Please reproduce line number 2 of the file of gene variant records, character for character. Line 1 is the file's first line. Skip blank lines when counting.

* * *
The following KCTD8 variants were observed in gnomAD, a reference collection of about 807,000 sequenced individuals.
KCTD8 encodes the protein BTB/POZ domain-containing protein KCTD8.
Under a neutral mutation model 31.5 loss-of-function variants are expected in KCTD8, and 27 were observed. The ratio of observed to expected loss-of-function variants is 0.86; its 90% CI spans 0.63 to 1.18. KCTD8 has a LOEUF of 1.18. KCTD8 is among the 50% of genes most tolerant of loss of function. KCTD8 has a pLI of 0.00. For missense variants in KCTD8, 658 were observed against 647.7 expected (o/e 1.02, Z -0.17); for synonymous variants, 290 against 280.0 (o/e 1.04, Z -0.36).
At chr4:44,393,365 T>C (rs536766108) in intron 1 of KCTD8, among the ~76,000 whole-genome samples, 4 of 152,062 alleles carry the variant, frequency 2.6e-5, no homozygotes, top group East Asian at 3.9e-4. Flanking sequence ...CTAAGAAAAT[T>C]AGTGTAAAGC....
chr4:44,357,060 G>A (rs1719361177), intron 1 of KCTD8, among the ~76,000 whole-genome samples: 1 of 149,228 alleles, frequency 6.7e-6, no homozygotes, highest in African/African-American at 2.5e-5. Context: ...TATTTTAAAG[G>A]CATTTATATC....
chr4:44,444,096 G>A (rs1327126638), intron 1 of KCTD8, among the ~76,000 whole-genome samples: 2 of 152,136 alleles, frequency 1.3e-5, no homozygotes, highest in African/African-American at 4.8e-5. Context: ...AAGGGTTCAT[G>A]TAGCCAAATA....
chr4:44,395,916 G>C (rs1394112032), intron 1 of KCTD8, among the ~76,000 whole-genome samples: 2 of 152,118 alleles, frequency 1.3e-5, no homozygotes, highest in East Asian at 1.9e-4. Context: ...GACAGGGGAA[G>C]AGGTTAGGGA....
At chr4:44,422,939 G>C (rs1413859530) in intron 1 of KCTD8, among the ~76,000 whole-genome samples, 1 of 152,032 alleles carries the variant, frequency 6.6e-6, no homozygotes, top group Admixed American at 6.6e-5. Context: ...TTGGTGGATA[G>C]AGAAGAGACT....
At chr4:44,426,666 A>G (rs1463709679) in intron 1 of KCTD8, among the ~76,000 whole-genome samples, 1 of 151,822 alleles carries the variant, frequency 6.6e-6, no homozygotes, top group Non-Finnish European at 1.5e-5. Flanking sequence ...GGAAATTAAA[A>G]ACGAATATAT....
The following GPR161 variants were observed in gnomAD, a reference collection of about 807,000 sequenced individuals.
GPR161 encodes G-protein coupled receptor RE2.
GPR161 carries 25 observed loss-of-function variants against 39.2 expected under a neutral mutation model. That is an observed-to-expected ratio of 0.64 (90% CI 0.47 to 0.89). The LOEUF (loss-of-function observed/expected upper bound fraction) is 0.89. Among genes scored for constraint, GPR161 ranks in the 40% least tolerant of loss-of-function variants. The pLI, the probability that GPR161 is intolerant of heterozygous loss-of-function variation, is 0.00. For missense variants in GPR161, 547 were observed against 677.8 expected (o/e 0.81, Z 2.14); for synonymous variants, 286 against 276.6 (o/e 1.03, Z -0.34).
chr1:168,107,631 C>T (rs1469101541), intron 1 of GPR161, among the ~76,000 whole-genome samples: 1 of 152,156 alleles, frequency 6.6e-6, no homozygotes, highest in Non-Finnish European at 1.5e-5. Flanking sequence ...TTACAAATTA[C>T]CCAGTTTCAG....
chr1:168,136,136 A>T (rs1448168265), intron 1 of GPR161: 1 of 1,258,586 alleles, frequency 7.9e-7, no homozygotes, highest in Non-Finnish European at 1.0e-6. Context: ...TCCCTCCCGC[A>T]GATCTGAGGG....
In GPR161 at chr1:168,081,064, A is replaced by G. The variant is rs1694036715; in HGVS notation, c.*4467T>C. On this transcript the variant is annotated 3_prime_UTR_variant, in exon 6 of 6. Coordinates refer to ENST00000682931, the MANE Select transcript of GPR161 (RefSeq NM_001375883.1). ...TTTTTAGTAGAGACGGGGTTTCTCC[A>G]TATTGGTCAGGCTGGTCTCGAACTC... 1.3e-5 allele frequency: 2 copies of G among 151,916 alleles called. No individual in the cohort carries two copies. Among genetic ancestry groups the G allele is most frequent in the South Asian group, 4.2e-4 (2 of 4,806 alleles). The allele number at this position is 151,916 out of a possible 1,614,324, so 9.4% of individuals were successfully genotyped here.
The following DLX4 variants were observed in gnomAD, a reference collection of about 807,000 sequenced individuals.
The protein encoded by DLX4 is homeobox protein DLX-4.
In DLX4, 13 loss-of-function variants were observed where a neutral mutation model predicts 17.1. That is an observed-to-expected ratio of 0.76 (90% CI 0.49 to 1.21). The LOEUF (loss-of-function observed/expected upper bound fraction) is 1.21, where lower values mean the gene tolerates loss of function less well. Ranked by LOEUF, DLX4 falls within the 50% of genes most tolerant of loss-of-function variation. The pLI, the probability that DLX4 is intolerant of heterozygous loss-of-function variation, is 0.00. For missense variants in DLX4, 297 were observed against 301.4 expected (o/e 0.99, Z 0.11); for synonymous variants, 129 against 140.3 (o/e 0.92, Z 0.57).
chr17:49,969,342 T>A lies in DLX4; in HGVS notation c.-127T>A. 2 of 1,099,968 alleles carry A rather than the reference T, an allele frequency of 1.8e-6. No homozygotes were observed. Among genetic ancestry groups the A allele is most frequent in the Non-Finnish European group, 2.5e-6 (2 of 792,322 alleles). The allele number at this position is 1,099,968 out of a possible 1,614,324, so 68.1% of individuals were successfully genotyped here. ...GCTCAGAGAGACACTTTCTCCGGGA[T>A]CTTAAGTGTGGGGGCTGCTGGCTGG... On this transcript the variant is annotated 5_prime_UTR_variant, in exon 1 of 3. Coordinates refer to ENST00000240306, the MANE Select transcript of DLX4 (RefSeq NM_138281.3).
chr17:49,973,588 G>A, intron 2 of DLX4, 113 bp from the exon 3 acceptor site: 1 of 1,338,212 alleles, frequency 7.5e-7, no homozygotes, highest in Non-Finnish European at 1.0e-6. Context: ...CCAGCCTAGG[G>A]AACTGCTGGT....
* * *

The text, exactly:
KCTD8 encodes the protein BTB/POZ domain-containing protein KCTD8.